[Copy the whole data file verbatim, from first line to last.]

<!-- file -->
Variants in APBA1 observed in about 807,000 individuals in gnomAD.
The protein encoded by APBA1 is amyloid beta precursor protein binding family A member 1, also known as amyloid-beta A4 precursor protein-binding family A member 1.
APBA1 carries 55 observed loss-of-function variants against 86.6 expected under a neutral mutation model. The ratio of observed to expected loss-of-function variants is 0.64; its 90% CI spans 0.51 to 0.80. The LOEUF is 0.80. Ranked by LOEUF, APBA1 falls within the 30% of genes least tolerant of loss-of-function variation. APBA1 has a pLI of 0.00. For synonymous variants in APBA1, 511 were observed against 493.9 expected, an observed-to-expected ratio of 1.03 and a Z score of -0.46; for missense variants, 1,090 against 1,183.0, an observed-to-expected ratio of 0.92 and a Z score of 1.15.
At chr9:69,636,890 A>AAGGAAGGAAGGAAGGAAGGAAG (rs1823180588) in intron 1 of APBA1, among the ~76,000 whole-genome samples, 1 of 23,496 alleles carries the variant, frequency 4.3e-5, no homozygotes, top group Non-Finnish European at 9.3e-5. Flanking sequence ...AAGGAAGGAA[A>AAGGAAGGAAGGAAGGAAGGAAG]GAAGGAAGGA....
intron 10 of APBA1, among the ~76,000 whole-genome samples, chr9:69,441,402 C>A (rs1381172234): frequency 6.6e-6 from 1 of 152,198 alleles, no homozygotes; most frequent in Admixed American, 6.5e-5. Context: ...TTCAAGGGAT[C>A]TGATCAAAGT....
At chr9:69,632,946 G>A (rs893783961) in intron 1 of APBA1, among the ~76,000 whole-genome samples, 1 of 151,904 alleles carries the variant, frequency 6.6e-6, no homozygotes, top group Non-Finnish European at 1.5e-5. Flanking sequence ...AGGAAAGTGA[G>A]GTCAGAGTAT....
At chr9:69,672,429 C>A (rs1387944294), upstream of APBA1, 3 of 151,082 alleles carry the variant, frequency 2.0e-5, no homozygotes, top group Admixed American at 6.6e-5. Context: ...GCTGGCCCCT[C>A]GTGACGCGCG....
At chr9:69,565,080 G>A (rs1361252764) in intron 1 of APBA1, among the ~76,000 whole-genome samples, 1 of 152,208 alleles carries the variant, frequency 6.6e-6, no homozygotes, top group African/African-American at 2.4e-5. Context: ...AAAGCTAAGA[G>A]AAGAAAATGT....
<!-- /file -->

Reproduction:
Variants in APBA1 observed in about 807,000 individuals in gnomAD.
The protein encoded by APBA1 is amyloid beta precursor protein binding family A member 1, also known as amyloid-beta A4 precursor protein-binding family A member 1.
APBA1 carries 55 observed loss-of-function variants against 86.6 expected under a neutral mutation model. The ratio of observed to expected loss-of-function variants is 0.64; its 90% CI spans 0.51 to 0.80. The LOEUF is 0.80. Ranked by LOEUF, APBA1 falls within the 30% of genes least tolerant of loss-of-function variation. APBA1 has a pLI of 0.00. For synonymous variants in APBA1, 511 were observed against 493.9 expected, an observed-to-expected ratio of 1.03 and a Z score of -0.46; for missense variants, 1,090 against 1,183.0, an observed-to-expected ratio of 0.92 and a Z score of 1.15.
At chr9:69,636,890 A>AAGGAAGGAAGGAAGGAAGGAAG (rs1823180588) in intron 1 of APBA1, among the ~76,000 whole-genome samples, 1 of 23,496 alleles carries the variant, frequency 4.3e-5, no homozygotes, top group Non-Finnish European at 9.3e-5. Flanking sequence ...AAGGAAGGAA[A>AAGGAAGGAAGGAAGGAAGGAAG]GAAGGAAGGA....
intron 10 of APBA1, among the ~76,000 whole-genome samples, chr9:69,441,402 C>A (rs1381172234): frequency 6.6e-6 from 1 of 152,198 alleles, no homozygotes; most frequent in Admixed American, 6.5e-5. Context: ...TTCAAGGGAT[C>A]TGATCAAAGT....
At chr9:69,632,946 G>A (rs893783961) in intron 1 of APBA1, among the ~76,000 whole-genome samples, 1 of 151,904 alleles carries the variant, frequency 6.6e-6, no homozygotes, top group Non-Finnish European at 1.5e-5. Flanking sequence ...AGGAAAGTGA[G>A]GTCAGAGTAT....
At chr9:69,672,429 C>A (rs1387944294), upstream of APBA1, 3 of 151,082 alleles carry the variant, frequency 2.0e-5, no homozygotes, top group Admixed American at 6.6e-5. Context: ...GCTGGCCCCT[C>A]GTGACGCGCG....
At chr9:69,565,080 G>A (rs1361252764) in intron 1 of APBA1, among the ~76,000 whole-genome samples, 1 of 152,208 alleles carries the variant, frequency 6.6e-6, no homozygotes, top group African/African-American at 2.4e-5. Context: ...AAAGCTAAGA[G>A]AAGAAAATGT....